Why we care

Clean air means healthier peopleDowntown minneapolis - lightrail, cars, and buses

Air pollution affects all Minnesotans. Scientists are finding that lower and lower concentrations of air pollutants can still harm people and the environment, and that for some pollutants there may not be a safe threshold.

Breathing in air pollution can cause a range of problems, from itchy throats and burning eyes to triggering asthma and bronchitis attacks. It contributes to cancer and other serious illnesses, heart attacks, and even premature death. Young children and the elderly are more vulnerable to the effects of air pollution, but even healthy, athletic adults can be harmed by breathing air pollutants. Some people are more susceptible to the effects of air pollution, or are disproportionately exposed to it. The relationships between air pollution and health inequities are multiple and complex, but striving to have air that is healthy for all to breathe means looking for ways to understand and address these inequities.

Young white child standing on hill in forestClean air means healthier ecosystems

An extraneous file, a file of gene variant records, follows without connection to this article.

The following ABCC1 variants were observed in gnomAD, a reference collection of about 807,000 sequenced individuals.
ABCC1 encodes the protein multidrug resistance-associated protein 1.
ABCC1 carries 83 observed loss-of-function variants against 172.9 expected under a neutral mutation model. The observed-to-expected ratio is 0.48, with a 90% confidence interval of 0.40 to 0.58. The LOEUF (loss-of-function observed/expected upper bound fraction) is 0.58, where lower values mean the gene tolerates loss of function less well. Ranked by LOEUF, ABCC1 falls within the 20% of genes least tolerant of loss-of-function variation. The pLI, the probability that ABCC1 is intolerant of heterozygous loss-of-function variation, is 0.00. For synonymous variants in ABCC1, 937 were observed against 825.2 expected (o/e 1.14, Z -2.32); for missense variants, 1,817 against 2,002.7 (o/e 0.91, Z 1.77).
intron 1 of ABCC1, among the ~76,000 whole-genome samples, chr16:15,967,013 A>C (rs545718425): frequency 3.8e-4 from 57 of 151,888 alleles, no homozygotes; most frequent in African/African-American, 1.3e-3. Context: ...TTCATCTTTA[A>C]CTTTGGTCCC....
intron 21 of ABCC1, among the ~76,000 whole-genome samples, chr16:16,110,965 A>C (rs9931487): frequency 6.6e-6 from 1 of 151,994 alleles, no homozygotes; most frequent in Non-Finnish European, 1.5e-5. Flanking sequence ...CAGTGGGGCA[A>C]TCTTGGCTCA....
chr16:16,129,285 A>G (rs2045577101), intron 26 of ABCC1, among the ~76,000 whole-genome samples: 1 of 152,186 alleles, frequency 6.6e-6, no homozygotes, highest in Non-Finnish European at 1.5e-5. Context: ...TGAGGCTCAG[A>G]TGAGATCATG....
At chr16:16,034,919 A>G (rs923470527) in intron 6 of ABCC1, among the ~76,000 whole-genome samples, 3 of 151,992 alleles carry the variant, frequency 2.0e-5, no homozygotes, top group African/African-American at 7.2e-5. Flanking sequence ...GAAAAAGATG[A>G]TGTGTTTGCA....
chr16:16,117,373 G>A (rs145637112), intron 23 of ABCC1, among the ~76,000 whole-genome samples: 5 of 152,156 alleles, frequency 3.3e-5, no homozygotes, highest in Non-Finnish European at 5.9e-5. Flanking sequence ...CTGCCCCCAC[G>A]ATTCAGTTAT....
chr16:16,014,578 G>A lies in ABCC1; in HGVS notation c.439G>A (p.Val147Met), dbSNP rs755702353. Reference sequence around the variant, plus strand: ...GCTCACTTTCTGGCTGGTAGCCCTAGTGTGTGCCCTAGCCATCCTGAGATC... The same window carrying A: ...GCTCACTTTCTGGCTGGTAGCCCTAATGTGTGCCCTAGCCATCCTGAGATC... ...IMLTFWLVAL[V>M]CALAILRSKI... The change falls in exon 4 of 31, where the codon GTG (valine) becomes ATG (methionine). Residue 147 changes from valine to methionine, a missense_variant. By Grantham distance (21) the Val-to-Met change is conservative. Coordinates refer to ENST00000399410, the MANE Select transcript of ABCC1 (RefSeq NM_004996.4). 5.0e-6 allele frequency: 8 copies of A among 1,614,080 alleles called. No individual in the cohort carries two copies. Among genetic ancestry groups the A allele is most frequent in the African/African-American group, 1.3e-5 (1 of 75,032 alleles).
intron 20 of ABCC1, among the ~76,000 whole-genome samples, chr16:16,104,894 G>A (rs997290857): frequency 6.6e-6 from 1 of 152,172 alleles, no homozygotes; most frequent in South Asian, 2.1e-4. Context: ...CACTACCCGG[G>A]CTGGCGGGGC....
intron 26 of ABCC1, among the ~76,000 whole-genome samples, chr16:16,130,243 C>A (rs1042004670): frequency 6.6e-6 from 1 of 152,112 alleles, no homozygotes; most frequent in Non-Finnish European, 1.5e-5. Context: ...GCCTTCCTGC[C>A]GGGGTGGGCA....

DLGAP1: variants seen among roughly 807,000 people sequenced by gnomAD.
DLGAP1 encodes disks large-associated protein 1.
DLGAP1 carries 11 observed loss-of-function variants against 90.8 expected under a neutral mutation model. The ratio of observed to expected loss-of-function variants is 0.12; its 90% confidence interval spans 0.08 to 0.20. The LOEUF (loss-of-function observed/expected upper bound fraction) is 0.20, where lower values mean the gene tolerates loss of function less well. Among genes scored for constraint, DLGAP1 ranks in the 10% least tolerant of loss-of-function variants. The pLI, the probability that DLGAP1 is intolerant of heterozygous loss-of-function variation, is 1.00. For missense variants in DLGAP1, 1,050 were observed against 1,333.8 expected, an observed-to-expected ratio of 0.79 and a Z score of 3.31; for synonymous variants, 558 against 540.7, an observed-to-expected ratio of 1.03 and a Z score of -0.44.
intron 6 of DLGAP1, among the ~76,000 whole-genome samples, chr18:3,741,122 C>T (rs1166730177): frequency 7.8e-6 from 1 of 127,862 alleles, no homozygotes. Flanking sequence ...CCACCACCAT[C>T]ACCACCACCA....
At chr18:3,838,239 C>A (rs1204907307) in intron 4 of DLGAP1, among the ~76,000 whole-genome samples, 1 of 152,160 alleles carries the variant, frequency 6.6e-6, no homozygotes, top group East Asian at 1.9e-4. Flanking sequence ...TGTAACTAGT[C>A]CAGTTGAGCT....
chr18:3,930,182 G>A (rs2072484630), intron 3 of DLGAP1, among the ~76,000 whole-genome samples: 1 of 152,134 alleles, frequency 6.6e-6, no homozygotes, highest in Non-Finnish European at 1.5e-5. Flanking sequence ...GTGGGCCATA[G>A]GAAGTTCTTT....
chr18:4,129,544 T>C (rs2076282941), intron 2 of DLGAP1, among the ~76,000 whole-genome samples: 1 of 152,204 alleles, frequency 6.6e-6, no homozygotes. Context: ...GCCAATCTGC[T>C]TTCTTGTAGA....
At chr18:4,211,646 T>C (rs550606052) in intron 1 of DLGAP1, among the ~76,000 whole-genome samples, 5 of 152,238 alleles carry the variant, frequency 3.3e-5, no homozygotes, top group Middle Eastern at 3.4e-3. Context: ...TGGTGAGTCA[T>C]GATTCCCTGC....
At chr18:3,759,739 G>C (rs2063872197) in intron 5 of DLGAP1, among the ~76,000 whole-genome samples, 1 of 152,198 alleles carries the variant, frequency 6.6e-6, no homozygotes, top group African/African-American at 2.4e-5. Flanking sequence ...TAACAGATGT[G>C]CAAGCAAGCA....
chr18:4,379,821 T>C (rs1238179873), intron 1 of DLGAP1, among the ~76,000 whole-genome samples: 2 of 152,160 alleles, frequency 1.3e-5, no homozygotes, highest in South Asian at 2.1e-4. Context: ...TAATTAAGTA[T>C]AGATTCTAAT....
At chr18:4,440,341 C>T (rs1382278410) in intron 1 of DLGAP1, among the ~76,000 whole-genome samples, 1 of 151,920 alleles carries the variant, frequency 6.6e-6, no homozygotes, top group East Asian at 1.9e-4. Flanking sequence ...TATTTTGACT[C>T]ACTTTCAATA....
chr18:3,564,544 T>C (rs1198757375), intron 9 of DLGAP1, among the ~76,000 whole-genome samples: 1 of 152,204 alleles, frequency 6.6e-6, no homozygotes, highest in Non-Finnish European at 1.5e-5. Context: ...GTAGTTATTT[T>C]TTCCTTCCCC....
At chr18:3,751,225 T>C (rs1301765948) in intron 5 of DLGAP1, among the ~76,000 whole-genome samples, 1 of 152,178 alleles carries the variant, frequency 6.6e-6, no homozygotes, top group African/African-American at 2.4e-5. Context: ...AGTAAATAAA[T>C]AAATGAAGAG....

Air pollution affects the ecosystems that Minnesotans value. Pollutants in our air reduce visibility, creating a haze that can affect scenic views in pristine places such as the Boundary Waters Canoe Area and Voyageurs National Park, as well as in our urban areas.

Minnesota’s lakes and streams can be harmed by air pollution that causes acid rain, and fish can be affected by mercury that settles out of the air and into the water. In addition, emissions of greenhouse gases contribute to climate change, which will cause significant changes to Minnesota’s ecosystems in the years to come. Reducing air pollution means protecting the wild places we enjoy and the plants and animals that inhabit them.

Clean air means a stronger economyLatino machine worker wearing yellow vest

Cleaner air and a growing economy can go hand in hand. Since the Clean Air Act was passed in 1970, emissions of common air pollutants in the U.S. have dropped 70 percent while the U.S. gross domestic product has grown nearly 250 percent.

The money spent on reducing pollution in Minnesota often stays in Minnesota. Companies that design, install, maintain, and operate pollution-reducing processes and equipment create thousands of high-paying green jobs in engineering, manufacturing, construction, materials, operation, and maintenance.

Cleaner air protects the fish and natural places that many Minnesotans rely on for their livelihoods. Air pollution can also cause damage to crops and forests. Clear skies, edible fish, and healthy crop and forest land are critical to Minnesota’s economy.

Because cleaner air also improves our health, having good air quality means fewer missed work and school days and less spending on air pollution-related illness. We estimate the overall economic cost of health effects associated with exposure to current levels of air pollution in Minnesota may exceed $30 billion per year.

Cleaner air means a strong, diverse economy for all Minnesotans.

Want the full report?

PDF icon The air we breathe 2017